22. Cf Jacques Derrida, "Of an Apocalyptic Tone Recenty Adopted in Philos
ophy," trans. John P. Leavey, Jr., Oxford Literary Repiew 6 (1984):3-37; and
Jacques Derrida, "How to Avoid Speakng: Denials," tras. Ken Frieden, in
Languages of the Unsayable: The Play ofNcgatipit in Literature and Literary
Theory, ed. Sanford Budick and'Wolfgang Iser (New York: Columbia Univer
sity Press, 1989),3-70.
7
8
In order to pose the question of what constirutes a "frst time" and
a "last time," in order to pose the question of another begin
ning, Derrida listens closely to and looks closely at an unread
able phrase that appears to have been telepathically transmitted
from the margins of fnirde. Here the privative a taes the
form of the silent diference betweenla cendre and la cendre, be
tween "the cinder" and "there cinder." In this telecommuni-
cated signal, "there" is precisely what oscillates; la, with or
without the accent, is what comes in and out of tune, in and
out of range; the privative a marks the cinder track through
which this phrase has been traveling since before the begin
ning, the always double and divided beginning, where the
nonorigin at the origin is already divided by the trace of a non
present "outside." Cinder tells of the coming of diferance, of
the absolutely mnimal positivity of the privative a (with or
without the accent), the instable divisibility within language
that inscribes the trace of something beyond it, of its essence,
inaccessible beyond the ring. The "Animadversions" (as the
Latin etymology suggests, "a turning of the mind toward"),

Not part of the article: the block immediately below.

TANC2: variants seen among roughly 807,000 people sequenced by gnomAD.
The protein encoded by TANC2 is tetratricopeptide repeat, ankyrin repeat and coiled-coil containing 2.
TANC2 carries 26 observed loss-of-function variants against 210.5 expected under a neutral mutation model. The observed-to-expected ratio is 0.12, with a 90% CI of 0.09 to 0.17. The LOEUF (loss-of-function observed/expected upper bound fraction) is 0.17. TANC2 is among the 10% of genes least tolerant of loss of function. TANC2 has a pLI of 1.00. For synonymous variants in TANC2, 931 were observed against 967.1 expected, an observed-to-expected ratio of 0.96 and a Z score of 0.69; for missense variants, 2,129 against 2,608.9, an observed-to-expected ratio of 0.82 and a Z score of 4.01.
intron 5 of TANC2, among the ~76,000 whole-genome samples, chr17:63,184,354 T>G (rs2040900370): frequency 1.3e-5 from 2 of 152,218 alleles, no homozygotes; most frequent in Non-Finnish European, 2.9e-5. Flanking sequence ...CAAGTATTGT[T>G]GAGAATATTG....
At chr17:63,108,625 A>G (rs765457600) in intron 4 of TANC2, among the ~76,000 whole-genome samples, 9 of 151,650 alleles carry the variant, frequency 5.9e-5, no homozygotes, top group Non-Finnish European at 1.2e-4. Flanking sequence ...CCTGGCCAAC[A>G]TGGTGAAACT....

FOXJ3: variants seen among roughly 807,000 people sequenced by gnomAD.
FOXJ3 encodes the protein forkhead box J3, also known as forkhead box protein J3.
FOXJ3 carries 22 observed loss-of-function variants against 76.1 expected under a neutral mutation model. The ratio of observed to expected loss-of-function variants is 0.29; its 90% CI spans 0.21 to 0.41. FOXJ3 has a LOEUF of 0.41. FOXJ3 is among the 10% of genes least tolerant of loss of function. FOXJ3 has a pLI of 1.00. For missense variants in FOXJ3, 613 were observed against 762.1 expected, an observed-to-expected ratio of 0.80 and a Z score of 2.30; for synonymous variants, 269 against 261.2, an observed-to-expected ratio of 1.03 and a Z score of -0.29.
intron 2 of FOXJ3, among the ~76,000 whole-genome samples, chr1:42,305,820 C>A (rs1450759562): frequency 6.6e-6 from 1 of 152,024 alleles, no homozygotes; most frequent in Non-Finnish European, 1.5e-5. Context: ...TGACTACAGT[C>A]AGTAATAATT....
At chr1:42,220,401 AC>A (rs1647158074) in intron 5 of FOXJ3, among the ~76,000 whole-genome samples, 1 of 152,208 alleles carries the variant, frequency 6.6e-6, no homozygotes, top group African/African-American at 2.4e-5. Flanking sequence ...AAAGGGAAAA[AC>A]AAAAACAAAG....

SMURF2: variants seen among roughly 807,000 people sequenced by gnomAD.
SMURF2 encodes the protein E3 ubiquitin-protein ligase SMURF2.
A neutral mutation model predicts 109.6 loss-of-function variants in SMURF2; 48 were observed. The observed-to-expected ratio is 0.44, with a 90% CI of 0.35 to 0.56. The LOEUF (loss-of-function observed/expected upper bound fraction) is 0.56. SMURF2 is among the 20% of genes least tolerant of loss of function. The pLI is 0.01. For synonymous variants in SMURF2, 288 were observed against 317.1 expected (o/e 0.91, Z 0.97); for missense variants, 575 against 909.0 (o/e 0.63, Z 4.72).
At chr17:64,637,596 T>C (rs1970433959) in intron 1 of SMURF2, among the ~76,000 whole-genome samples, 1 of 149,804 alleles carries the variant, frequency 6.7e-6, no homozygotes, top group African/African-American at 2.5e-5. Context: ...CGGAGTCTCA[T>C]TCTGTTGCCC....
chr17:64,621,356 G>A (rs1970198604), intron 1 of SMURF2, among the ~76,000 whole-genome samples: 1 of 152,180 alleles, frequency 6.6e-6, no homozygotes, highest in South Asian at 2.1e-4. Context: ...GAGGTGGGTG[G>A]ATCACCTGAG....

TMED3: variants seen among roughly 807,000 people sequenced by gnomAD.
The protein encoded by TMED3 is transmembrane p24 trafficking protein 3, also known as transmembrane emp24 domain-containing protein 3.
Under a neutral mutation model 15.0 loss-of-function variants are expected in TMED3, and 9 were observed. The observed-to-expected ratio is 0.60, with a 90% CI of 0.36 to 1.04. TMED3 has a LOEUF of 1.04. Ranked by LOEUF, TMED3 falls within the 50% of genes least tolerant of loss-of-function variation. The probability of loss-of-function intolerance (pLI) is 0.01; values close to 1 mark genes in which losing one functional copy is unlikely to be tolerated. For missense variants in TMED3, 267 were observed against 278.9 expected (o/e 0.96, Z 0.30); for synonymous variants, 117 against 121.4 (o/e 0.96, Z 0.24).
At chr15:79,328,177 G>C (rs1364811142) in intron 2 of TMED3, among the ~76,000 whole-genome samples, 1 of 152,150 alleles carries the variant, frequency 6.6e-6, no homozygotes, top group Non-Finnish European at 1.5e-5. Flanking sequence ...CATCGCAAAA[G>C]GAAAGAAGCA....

gather together the trail of ashes toward which Derrida had al
ways somehow been turning, gather together the cinders that
had always been caling to him, calling for his attention. Cin
ders is the text in which Derrida fnally answers the call.
On the way to answering the call, Derrida deciphered many of the
names that the master thinkers from Plato to Heidegger have
given to the diferance within ontological diference, some
times without having themselves realized precisely what they
were naming. These paleonymic or deconstructive readings of
the names of what is most ancient, ancient and modern names
for what is older than time and space, these readings rurn again
and again to a primordial nonpresence that is not nothing,
what Derrida calls in his reading of Husserl "the irreducible
nonpresence of another now."'l Verechtung, or "interin
ing," is the word in Husserl's Logical Investiations that names
the destabilizing linkage within langage between indication
and expression, the irreducibility of what the sign shows prior
to its appropriation by the cogito as an expressive means of es
tablishing its own self-relation. Something in the sign pre-ex
ists the ideal self-relation of the Husserlian coito and in fact
constitutes it rather than being constitted by it. The Ver
fechtung of indication and expression names the site of what
Derrida, in his stdy ofHusserl's The Orgin of Geometry, called